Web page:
The House approved today an extension of surface transportation law which includes important provisions to significantly cut the red tape that delays highway and bridge projects across the country. The measure also includes a provision that will lower energy costs for Americans and decrease reliance on unstable foreign sources of energy.
The House approved H.R. 4348, the Surface Transportation Extension Act of 2012, Part II, by a vote of 293 to 127.
"This bill contains no tax increases, earmarks, or new federal government programs, which may disappoint Democrats, but this legislation will help move the process forward in working to resolve differences with the Senate," said U.S. Rep. JohnL. Mica (R-FL), Chairman of the Transportation and Infrastructure Committee.
Mica continued, "When the President first sold the stimulus as an infrastructure bill, he failed to address the red tape that delays the approval of transportation projects. "Shovel-ready' became a national joke because it takes so long to get the bureaucratic approvals for a project. This bill includes important provisions to significantly reduce the red tape that leaves projects and jobs behind.
"This bill also includes provisions to help ensure funds collected for the maintenance and improvement of our nation's harbors are invested for that purpose," Mica added. "In addition, this bill moves forward with the Keystone pipeline project. While the Administration meanders on developing any kind of real energy policy, this measure will help lower energy costs and create jobs for Americans, particularly important as gasoline prices continue to skyrocket because of the squeeze that the Obama Administration has put on production of our energy assets here at home."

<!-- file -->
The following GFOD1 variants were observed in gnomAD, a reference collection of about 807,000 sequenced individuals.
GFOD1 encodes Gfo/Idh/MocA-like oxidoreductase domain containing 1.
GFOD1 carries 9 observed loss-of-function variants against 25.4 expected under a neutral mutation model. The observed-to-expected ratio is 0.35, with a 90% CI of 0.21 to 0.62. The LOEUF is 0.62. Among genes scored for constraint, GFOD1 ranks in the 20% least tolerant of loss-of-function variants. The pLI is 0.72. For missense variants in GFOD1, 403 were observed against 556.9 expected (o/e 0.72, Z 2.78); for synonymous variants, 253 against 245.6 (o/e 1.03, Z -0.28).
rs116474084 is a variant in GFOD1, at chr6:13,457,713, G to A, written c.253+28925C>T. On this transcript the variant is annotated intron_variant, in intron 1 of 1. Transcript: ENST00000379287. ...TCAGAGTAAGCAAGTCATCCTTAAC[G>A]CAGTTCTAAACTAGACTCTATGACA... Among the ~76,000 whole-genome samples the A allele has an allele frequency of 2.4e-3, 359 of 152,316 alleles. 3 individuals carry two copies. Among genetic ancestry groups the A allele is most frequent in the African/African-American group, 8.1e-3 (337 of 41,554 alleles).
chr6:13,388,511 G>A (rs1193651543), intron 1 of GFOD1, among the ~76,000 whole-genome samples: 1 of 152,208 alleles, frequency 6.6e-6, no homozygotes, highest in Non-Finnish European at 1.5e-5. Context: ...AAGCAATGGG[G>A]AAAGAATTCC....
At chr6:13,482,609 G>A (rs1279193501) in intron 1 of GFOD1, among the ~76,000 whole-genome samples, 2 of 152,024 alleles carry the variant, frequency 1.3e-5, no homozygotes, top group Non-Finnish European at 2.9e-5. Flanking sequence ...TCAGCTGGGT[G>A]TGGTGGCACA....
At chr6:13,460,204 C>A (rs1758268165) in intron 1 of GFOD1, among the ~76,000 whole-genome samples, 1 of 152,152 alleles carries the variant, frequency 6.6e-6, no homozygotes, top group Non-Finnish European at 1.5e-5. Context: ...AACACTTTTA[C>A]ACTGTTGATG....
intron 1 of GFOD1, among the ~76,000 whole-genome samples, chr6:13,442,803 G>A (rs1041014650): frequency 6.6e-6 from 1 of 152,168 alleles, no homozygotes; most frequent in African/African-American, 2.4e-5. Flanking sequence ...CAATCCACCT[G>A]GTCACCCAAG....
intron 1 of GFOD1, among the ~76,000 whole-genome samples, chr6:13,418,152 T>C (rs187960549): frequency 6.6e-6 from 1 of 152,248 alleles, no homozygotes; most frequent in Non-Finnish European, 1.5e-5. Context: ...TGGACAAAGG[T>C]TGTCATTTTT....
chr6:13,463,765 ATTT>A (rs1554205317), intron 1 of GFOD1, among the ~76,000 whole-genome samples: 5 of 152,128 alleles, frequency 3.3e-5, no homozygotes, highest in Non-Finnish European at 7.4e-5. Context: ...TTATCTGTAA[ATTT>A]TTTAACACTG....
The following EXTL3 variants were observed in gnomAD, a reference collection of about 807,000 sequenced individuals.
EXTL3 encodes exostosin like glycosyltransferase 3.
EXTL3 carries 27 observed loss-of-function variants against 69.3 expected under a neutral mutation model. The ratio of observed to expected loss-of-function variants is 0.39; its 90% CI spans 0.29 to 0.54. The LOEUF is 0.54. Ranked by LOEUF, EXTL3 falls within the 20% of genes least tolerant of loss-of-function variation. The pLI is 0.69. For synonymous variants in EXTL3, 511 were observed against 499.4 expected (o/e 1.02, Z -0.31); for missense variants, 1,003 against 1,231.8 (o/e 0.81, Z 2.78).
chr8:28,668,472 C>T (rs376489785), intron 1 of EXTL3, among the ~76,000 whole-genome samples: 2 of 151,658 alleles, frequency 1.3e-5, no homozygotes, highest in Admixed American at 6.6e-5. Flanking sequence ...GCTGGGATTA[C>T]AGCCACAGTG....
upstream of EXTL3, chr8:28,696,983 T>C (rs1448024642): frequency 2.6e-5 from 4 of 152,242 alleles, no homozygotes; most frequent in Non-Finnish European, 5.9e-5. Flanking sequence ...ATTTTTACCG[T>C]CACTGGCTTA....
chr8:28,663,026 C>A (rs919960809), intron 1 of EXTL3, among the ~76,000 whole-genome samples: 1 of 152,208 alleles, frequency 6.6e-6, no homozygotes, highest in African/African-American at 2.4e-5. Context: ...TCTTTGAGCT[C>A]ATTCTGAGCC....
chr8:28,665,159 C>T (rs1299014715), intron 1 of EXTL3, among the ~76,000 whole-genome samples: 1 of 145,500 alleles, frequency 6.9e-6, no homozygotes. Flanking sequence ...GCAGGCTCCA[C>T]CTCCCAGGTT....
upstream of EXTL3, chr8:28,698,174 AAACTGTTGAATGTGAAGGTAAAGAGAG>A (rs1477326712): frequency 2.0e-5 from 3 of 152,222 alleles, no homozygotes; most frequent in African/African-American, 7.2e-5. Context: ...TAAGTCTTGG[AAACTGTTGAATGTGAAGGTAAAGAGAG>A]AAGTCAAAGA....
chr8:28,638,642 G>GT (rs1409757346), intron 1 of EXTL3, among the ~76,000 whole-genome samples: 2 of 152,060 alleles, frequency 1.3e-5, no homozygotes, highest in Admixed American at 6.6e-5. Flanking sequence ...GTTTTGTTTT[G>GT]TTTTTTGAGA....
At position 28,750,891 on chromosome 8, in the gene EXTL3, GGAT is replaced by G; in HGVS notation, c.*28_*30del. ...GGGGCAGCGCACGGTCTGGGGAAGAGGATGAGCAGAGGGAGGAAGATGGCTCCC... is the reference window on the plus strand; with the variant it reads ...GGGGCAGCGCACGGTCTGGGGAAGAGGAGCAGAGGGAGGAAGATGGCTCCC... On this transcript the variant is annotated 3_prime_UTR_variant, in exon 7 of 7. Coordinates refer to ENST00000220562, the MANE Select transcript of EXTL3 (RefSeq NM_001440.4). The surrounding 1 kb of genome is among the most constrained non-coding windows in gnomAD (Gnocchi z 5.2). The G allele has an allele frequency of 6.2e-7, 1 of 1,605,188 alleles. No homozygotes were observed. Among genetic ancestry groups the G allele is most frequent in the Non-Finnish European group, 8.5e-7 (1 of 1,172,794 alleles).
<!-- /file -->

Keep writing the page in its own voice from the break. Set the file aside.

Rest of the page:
"This legislation will allow programs to continue through the fiscal year and provide predictability during the summer construction season," said U.S. Rep. John J. Duncan, Jr. (R-TN), Chairman of the Highways and Transit Subcommittee. "The environmental streamlining provisions would also eliminate duplication by providing a single system to review decisions. It reduces bureaucratic delay by requiring concurrent, instead of consecutive, project reviews and setting deadlines for the completion of environmental reviews. These changes will cut the delivery process in half and save taxpayers a great deal of money."